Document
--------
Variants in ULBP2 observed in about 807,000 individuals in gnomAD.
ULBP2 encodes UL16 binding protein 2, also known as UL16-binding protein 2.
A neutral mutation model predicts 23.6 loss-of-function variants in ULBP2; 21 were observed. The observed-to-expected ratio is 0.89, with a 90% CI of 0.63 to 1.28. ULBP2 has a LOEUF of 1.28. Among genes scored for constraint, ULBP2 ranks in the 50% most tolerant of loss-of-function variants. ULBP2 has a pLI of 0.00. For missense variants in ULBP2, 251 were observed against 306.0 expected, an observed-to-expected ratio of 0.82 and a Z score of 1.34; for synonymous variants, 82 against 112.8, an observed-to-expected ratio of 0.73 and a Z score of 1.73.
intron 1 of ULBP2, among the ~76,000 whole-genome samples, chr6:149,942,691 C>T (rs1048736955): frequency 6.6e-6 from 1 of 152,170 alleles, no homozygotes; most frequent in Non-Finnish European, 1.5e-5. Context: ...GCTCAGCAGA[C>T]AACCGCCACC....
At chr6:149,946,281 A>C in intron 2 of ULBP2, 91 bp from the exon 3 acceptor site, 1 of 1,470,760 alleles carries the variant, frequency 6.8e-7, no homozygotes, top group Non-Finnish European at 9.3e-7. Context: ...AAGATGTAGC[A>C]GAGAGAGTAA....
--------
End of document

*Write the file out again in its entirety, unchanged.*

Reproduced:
Variants in ULBP2 observed in about 807,000 individuals in gnomAD.
ULBP2 encodes UL16 binding protein 2, also known as UL16-binding protein 2.
A neutral mutation model predicts 23.6 loss-of-function variants in ULBP2; 21 were observed. The observed-to-expected ratio is 0.89, with a 90% CI of 0.63 to 1.28. ULBP2 has a LOEUF of 1.28. Among genes scored for constraint, ULBP2 ranks in the 50% most tolerant of loss-of-function variants. ULBP2 has a pLI of 0.00. For missense variants in ULBP2, 251 were observed against 306.0 expected, an observed-to-expected ratio of 0.82 and a Z score of 1.34; for synonymous variants, 82 against 112.8, an observed-to-expected ratio of 0.73 and a Z score of 1.73.
intron 1 of ULBP2, among the ~76,000 whole-genome samples, chr6:149,942,691 C>T (rs1048736955): frequency 6.6e-6 from 1 of 152,170 alleles, no homozygotes; most frequent in Non-Finnish European, 1.5e-5. Context: ...GCTCAGCAGA[C>T]AACCGCCACC....
At chr6:149,946,281 A>C in intron 2 of ULBP2, 91 bp from the exon 3 acceptor site, 1 of 1,470,760 alleles carries the variant, frequency 6.8e-7, no homozygotes, top group Non-Finnish European at 9.3e-7. Context: ...AAGATGTAGC[A>C]GAGAGAGTAA....